Using an anti-smoking drug to control neurons

Summary: Study outlines a new ion channel based platform for cell activation which is controlled by low doses of the common anti-smoking drug, varenicline.

Source: Howard Hughes Medical Institute

An anti-smoking drug now has a new job – as a chemical switch to turn select neurons on or off.

The drug latches on to designer proteins, called ion channels, that control whether or not a neuron will send a message. By putting those proteins only in certain groups of neurons, scientists can target modulation of specific cells while leaving other neurons unaffected.

The system, developed by Scott Sternson, a group leader at the Howard Hughes Medical Institute’s Janelia Research Campus, is already helping researchers untangle brain circuits in mice and primates. Someday, it might lead to more targeted treatments in humans for conditions such as epilepsy or pain, Sternson and his colleagues report March 14, 2019, in the journal Science.

Other scientists working on this approach, called chemogenetics, “often use molecules that would not be appropriate for human therapy,” Sternson says. “It’s still many steps to the clinic, but we’re trying to shorten that route.”

Chemogenetics has been around for about two decades: scientists have designed matched pairs of drugs and receptors that can change the activity of neurons in mice. Sternson’s system uses a drug that gets into the brain and is already approved in humans. And it targets ion channel proteins, which influence neuron activity directly, so there’s less potential for side effects. That might make it viable for eventual clinical use, he says — a barrier that chemogenetic tools haven’t yet hurdled.

Sternson’s team combed through dozens of already-approved drugs before picking varenicline, a drug that reduces nicotine cravings. Then, the researchers tweaked the structure of two different ion channel proteins to make varenicline more likely to bind. One protein triggers neurons to send messages when varenicline latches on. Another blocks neurons from sending messages when varenicline is present.

“These are the most potent chemogenetic receptors described so far,” Sternson says. Even low doses of varenicline – well below the level used for smoking cessation – can have a big effect on neural activity.

For now, scientists can use the system to draw connections between neural activity and an animal’s behavior. Sternson’s team has also engineered varenicline variants that are even better at targeting proteins and work at even lower doses than the original.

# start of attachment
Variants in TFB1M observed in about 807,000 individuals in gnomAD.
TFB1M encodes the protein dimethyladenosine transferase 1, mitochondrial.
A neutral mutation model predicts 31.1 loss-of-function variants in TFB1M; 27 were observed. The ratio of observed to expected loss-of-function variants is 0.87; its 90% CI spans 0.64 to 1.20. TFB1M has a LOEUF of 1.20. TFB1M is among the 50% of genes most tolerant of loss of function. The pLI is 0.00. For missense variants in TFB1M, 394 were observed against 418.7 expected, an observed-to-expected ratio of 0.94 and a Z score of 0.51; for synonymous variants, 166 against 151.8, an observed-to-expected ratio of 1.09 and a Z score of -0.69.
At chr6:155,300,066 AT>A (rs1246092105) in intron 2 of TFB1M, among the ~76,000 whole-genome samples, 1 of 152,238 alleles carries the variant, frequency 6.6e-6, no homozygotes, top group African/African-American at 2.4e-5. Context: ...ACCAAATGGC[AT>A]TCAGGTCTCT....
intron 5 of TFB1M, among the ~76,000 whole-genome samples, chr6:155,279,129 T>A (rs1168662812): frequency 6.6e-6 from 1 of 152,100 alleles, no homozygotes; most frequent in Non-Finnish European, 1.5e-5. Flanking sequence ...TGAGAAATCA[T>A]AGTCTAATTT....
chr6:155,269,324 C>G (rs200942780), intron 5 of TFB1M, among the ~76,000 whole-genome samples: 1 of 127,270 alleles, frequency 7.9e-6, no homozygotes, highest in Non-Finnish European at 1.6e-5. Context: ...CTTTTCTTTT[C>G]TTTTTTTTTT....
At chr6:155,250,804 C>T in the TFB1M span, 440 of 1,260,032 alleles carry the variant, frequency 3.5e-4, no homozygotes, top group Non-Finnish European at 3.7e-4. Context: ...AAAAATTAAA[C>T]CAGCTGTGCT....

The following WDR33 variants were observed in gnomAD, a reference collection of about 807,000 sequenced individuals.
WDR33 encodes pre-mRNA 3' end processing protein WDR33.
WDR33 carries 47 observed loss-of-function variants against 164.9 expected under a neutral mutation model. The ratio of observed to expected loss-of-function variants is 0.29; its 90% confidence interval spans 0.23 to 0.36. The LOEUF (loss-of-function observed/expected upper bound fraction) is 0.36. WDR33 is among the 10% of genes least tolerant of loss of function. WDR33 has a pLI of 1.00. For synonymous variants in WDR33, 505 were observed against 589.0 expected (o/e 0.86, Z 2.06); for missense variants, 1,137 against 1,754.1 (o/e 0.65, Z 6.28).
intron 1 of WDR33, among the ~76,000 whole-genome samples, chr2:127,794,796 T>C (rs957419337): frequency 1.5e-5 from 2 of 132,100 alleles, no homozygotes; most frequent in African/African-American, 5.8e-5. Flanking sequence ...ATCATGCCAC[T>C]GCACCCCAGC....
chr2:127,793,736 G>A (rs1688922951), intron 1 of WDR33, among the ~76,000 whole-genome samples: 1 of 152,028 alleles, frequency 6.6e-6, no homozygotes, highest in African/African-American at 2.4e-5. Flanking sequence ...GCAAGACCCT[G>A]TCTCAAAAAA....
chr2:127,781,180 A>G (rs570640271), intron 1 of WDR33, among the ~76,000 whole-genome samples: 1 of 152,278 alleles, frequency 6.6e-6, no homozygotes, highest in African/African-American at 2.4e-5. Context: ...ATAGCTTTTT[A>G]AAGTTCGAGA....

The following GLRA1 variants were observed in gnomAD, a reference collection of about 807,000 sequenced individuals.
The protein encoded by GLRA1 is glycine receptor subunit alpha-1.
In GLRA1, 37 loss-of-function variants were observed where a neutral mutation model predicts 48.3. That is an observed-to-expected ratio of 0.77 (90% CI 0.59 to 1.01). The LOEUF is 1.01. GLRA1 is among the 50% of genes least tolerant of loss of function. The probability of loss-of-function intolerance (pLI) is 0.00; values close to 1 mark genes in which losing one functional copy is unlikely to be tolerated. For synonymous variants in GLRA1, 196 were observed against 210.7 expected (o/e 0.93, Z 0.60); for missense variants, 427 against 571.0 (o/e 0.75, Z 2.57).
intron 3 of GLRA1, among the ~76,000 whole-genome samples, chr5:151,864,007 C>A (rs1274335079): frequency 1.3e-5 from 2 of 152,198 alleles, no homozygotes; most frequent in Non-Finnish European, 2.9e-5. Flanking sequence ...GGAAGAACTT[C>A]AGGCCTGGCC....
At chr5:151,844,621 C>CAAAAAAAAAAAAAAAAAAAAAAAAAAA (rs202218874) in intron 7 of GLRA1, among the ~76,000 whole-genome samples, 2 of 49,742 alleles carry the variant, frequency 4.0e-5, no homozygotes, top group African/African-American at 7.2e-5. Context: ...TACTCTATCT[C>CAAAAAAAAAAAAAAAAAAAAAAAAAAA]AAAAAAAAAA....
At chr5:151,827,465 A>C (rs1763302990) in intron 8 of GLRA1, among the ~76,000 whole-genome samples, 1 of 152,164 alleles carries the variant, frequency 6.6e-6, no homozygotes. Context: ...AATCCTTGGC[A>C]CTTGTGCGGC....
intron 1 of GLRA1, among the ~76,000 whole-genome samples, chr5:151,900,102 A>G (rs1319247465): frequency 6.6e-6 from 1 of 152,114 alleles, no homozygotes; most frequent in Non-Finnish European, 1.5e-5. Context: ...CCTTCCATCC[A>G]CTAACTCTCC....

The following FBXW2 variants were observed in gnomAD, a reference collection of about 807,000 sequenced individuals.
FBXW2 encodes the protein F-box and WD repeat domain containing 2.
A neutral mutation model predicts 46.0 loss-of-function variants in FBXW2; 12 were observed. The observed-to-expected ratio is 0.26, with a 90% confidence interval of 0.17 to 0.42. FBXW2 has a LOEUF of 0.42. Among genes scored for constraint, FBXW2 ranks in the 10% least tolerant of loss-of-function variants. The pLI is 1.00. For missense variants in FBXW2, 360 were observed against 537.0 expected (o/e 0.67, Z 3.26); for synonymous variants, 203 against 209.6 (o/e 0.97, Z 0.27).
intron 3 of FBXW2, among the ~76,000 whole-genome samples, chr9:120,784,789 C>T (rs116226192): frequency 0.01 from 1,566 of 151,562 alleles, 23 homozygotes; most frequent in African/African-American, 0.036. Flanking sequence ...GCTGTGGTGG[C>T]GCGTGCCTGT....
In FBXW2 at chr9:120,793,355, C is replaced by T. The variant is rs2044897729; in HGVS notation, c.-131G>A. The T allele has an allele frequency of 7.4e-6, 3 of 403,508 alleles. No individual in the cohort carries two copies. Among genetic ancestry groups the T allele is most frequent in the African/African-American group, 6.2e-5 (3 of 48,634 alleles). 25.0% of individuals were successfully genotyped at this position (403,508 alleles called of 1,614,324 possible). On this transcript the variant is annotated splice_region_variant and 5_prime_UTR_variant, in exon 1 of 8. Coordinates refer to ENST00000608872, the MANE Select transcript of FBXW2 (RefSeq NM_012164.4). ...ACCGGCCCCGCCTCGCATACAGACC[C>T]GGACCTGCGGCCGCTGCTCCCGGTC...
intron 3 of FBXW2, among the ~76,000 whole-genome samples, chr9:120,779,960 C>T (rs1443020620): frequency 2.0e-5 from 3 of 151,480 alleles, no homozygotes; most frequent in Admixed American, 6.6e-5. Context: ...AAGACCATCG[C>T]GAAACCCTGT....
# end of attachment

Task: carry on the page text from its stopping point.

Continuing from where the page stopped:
neurons are shown in this image

A neuron in the mouse brain expressing a chemogenetic receptor (red) surrounded by neurons (blue) that lack the receptor. The image is credited to C. J. Magnus et al./Science 2019.

“For research applications, you want the most selective tool possible,” Sternson says.

Down the road, the ability to selectively turn cells on or off could fuel more precise treatments for certain diseases. For example, some patients with severe epilepsy have surgery to remove the affected part of the brain. Drugs that target only neurons in this region could be a less invasive way to treat these patients. Sternson also envisions future pain treatments that send drugs only to an injured area, rather than to the entire body. This is important for reducing the incidence of addiction to painkillers, he says.

Janelia has licensed Sternson’s technology to a new company, Redpin Therapeutics, that’s running pre-clinical studies. Those experiments are the first step toward eventually testing the technology in people.

About this neuroscience research article

Source:
Howard Hughes Medical Institute
Media Contacts:
Meghan Rosen – Howard Hughes Medical Institute
Image Source:
The image is credited to C. J. Magnus et al./Science 2019.

Original Research:
Christopher J. Magnus, Peter H. Lee, Jordi Bonaventura, Roland Zemla, Juan L. Gomez, Melissa Ramirez, Xing Hu, Adriana Galvan, Jayeeta Basu, Michael Michaelides, and Scott M. Sternson. “Ultrapotent chemogenetics for research and potential clinical applications.” Science. Published online March 14, 2019. doi:10.1126/science.aav5282

Abstract

Ultrapotent chemogenetics for research and potential clinical applications

Chemogenetics enables non-invasive chemical control over cell populations in behaving animals. However, existing small molecule agonists show insufficient potency or selectivity. There is also need for chemogenetic systems compatible with both research and human therapeutic applications. We developed a new ion channel-based platform for cell activation and silencing that is controlled by low doses of the anti-smoking drug varenicline. We then synthesized novel sub-nanomolar potency agonists, called uPSEMs, with high selectivity for the chemogenetic receptors. uPSEMs and their receptors were characterized in brains of mice and a rhesus monkey by in vivo electrophysiology, calcium imaging, positron emission tomography, behavioral efficacy testing, and receptor counterscreening. This platform of receptors and selective ultrapotent agonists enables potential research and clinical applications of chemogenetics.

Feel free to share this Neuroscience News.
Join our Newsletter
I agree to have my personal information transferred to AWeber for Neuroscience Newsletter ( more information )
Sign up to receive the latest neuroscience headlines and summaries sent to your email daily from NeuroscienceNews.com
We hate spam and only use your email to contact you about newsletters. We do not sell email addresses. You can cancel your subscription any time.
No more articles